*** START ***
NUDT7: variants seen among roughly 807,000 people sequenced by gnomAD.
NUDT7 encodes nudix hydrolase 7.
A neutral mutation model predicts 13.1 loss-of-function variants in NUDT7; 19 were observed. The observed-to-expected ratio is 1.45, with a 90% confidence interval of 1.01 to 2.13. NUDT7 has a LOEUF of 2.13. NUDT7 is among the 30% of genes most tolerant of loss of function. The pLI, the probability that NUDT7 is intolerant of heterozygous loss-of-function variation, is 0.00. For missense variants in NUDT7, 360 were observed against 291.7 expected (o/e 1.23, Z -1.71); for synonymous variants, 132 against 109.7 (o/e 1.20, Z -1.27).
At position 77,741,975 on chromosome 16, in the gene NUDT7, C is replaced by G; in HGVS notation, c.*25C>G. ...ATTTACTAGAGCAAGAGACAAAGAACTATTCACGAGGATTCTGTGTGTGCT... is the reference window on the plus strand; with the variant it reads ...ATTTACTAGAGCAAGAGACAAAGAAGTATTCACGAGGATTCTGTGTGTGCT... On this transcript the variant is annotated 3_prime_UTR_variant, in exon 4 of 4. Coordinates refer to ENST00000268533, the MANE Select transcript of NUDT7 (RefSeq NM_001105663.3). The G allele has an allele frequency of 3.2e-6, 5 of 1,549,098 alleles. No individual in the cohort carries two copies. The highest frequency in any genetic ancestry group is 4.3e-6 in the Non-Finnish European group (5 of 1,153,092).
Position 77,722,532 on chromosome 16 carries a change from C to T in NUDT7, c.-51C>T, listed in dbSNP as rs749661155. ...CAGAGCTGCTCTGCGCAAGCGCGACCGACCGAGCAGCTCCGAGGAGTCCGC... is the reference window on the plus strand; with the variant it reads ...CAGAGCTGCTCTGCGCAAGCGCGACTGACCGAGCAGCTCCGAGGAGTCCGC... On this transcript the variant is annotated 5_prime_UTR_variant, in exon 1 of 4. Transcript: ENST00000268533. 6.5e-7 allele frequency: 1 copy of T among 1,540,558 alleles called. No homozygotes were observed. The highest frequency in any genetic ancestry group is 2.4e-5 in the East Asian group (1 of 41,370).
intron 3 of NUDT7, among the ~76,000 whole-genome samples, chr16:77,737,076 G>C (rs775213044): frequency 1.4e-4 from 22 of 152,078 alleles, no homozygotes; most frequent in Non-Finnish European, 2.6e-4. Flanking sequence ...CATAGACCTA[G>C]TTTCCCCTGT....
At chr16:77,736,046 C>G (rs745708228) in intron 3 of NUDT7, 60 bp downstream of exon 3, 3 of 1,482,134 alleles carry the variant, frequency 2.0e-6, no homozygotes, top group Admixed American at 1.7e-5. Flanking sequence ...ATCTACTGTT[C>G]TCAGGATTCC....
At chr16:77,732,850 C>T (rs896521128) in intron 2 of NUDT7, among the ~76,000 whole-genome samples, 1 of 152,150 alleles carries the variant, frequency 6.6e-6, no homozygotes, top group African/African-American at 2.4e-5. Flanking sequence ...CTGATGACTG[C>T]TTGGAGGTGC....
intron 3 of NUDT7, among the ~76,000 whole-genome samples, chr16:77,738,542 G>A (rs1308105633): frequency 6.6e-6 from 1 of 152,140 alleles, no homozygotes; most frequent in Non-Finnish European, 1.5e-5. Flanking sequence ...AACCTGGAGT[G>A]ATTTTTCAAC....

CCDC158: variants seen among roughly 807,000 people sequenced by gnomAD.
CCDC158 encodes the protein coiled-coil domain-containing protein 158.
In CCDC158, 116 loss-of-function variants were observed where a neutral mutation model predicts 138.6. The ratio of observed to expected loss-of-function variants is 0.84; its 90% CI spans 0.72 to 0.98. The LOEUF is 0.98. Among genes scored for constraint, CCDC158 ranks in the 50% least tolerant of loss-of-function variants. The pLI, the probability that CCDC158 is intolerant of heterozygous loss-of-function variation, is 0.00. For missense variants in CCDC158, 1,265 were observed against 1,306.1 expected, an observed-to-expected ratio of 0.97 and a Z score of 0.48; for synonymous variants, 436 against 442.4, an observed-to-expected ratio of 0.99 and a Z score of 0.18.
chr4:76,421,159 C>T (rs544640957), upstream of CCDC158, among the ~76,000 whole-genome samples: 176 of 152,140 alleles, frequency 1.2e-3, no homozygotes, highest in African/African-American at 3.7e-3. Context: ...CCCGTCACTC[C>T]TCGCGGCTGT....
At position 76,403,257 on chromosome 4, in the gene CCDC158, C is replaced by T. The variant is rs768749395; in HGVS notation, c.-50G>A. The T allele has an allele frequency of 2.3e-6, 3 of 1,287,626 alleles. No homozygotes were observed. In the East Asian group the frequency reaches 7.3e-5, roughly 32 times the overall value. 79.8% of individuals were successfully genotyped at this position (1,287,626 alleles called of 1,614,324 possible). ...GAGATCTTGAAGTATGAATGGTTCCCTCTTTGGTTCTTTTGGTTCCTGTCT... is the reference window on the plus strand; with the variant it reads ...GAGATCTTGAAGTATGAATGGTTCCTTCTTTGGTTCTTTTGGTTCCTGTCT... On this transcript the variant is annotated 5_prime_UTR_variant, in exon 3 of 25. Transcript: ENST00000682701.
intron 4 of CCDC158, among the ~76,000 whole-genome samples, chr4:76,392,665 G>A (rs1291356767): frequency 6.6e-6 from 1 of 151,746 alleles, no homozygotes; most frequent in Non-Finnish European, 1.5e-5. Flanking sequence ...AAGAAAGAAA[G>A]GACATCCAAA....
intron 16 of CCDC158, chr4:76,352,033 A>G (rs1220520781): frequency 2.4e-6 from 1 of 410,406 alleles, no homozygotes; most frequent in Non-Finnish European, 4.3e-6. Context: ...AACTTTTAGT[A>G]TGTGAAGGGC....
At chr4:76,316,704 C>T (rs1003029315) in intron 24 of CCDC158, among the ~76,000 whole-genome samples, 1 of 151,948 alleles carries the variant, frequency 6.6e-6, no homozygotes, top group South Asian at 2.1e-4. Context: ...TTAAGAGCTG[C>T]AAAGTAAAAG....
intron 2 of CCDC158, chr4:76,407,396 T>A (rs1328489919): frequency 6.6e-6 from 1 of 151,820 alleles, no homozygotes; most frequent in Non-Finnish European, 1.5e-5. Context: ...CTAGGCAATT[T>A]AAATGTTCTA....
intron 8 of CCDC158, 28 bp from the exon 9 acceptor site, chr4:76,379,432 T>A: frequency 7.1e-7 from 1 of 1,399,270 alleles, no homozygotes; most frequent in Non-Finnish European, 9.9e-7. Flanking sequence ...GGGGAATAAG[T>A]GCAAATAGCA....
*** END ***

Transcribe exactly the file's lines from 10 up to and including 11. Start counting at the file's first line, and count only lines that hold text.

CCDC158: variants seen among roughly 807,000 people sequenced by gnomAD.
CCDC158 encodes the protein coiled-coil domain-containing protein 158.